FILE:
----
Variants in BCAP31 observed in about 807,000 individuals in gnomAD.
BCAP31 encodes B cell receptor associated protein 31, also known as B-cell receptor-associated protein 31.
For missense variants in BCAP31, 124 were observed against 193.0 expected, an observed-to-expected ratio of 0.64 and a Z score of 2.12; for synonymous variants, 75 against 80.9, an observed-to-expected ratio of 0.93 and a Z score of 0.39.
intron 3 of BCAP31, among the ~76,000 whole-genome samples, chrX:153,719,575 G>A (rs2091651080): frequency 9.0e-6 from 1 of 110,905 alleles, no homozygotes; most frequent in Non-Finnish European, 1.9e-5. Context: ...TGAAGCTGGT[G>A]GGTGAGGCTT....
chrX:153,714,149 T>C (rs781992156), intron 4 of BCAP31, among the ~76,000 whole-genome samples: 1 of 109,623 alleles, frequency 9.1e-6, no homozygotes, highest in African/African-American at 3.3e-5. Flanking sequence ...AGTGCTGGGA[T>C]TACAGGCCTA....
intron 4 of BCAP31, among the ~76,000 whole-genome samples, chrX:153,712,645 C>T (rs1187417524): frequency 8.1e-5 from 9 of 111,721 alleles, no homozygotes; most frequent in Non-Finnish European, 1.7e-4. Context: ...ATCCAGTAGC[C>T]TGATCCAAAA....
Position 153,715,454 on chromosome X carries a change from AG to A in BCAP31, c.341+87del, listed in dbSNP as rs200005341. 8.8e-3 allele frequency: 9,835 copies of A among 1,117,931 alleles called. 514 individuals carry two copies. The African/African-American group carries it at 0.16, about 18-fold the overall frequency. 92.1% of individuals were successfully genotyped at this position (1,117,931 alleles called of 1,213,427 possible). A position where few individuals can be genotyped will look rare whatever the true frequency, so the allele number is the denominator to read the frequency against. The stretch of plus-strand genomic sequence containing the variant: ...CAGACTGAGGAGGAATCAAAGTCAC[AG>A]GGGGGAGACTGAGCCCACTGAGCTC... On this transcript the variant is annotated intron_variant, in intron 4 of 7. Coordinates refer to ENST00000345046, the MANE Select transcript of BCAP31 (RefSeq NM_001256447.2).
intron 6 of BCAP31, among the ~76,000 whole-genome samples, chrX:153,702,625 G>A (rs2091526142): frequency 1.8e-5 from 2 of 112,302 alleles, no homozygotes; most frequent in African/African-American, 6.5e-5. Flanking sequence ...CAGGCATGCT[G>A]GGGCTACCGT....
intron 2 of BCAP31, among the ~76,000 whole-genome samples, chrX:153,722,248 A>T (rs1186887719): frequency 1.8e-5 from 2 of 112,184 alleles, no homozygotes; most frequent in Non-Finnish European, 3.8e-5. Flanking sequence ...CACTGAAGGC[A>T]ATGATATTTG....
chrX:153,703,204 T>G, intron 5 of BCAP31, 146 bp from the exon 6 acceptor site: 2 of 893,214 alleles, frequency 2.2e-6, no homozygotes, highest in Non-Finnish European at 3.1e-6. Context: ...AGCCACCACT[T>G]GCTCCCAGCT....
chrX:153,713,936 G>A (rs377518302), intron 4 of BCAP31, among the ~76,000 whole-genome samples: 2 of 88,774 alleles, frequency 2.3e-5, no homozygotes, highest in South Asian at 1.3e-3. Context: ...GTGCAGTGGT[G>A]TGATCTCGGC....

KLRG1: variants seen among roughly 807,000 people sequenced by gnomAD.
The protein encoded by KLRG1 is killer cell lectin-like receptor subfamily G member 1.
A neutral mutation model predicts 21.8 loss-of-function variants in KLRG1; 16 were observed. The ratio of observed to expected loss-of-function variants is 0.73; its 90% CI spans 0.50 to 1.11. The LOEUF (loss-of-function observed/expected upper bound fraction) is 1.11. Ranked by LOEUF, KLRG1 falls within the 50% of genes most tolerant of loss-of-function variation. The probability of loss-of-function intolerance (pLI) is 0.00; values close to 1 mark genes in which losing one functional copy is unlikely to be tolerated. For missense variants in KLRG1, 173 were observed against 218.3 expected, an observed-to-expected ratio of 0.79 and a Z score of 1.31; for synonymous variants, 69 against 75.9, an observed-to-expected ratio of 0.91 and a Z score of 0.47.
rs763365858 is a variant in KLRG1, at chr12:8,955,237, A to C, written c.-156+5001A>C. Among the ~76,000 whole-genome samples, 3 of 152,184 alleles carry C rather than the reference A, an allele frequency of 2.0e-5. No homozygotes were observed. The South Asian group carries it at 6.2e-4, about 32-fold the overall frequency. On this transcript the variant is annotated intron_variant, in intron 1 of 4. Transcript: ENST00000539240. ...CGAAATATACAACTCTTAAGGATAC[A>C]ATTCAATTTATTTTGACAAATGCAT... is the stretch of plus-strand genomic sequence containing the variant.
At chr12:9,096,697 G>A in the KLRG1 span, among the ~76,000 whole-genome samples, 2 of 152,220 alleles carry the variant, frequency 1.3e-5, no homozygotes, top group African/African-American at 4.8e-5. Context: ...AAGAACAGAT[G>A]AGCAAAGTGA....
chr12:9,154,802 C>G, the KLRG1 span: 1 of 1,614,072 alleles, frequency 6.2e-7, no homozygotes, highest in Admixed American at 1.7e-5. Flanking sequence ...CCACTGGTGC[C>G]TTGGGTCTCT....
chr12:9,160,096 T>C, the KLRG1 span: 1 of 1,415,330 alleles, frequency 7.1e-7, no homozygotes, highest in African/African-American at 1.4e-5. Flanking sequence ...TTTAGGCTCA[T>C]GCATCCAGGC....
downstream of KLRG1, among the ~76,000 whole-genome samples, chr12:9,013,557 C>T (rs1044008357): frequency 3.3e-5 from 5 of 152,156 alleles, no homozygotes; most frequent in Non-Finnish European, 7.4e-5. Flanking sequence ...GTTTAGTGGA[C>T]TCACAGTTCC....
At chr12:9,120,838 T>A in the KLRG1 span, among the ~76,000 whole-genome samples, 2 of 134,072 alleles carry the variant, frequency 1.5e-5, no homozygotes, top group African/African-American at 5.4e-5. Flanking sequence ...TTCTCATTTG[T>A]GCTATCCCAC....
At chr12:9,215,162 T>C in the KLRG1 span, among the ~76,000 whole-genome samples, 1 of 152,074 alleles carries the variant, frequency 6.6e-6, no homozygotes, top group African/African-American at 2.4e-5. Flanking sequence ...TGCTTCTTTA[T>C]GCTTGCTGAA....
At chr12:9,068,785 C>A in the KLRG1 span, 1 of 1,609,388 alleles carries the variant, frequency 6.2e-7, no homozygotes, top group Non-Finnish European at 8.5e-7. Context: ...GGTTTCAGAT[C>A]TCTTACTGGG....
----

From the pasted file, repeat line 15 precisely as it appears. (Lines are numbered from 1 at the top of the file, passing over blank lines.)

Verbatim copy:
rs763365858 is a variant in KLRG1, at chr12:8,955,237, A to C, written c.-156+5001A>C. Among the ~76,000 whole-genome samples, 3 of 152,184 alleles carry C rather than the reference A, an allele frequency of 2.0e-5. No homozygotes were observed. The South Asian group carries it at 6.2e-4, about 32-fold the overall frequency. On this transcript the variant is annotated intron_variant, in intron 1 of 4. Transcript: ENST00000539240. ...CGAAATATACAACTCTTAAGGATAC[A>C]ATTCAATTTATTTTGACAAATGCAT... is the stretch of plus-strand genomic sequence containing the variant.